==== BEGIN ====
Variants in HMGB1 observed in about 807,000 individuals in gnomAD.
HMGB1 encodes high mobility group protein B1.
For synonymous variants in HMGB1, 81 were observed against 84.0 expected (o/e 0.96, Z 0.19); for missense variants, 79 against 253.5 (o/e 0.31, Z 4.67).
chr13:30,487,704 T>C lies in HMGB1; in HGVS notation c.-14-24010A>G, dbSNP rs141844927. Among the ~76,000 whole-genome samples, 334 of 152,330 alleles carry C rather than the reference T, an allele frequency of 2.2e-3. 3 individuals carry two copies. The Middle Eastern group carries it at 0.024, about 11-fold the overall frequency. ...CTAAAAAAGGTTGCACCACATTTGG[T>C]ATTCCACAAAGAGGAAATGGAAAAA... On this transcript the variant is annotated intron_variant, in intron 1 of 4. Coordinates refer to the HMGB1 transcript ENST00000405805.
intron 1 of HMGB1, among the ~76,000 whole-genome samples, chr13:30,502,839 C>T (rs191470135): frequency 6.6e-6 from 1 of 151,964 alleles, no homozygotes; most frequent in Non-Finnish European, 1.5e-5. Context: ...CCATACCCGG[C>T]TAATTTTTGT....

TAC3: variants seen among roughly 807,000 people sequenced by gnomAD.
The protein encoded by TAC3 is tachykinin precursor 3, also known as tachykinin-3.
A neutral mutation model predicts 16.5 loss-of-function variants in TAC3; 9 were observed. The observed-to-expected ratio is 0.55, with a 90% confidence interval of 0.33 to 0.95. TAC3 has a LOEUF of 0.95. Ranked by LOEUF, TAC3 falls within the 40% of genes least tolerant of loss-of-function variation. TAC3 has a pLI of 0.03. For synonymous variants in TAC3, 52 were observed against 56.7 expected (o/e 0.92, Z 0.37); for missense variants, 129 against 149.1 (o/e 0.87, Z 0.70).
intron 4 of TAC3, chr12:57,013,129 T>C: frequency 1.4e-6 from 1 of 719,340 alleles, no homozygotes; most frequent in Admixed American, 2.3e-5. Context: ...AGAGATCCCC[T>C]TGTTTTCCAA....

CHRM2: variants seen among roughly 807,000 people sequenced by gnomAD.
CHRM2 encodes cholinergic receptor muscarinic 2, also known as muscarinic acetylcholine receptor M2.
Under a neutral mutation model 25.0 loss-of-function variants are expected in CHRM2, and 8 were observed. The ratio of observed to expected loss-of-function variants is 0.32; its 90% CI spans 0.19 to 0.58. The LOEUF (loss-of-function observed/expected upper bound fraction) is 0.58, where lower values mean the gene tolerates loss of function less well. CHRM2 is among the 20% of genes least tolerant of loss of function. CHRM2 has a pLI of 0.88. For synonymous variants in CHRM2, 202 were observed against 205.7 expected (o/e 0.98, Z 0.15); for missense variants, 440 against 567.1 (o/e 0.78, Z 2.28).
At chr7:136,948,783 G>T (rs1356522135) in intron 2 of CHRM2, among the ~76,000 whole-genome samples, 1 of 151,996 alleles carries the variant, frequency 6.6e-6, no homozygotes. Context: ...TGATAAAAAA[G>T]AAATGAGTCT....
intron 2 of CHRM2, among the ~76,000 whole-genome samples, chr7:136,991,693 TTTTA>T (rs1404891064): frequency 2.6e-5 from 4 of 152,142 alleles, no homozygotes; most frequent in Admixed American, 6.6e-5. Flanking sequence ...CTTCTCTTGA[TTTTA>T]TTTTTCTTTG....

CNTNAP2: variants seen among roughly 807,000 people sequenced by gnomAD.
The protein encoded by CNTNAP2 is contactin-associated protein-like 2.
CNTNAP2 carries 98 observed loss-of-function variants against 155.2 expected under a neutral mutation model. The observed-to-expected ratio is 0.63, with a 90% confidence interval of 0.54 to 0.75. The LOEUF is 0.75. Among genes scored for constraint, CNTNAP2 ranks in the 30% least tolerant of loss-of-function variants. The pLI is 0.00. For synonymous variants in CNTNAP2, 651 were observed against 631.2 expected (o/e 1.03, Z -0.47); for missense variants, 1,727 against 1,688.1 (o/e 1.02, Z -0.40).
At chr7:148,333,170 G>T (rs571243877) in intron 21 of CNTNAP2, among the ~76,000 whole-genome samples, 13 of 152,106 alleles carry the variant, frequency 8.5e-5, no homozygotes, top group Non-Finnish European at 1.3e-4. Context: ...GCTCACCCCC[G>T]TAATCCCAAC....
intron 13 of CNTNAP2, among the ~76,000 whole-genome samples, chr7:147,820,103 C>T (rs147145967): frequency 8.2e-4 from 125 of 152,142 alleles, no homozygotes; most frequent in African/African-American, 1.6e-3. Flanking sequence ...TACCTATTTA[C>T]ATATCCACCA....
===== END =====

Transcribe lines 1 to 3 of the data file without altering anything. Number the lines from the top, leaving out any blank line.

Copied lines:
Variants in HMGB1 observed in about 807,000 individuals in gnomAD.
HMGB1 encodes high mobility group protein B1.
For synonymous variants in HMGB1, 81 were observed against 84.0 expected (o/e 0.96, Z 0.19); for missense variants, 79 against 253.5 (o/e 0.31, Z 4.67).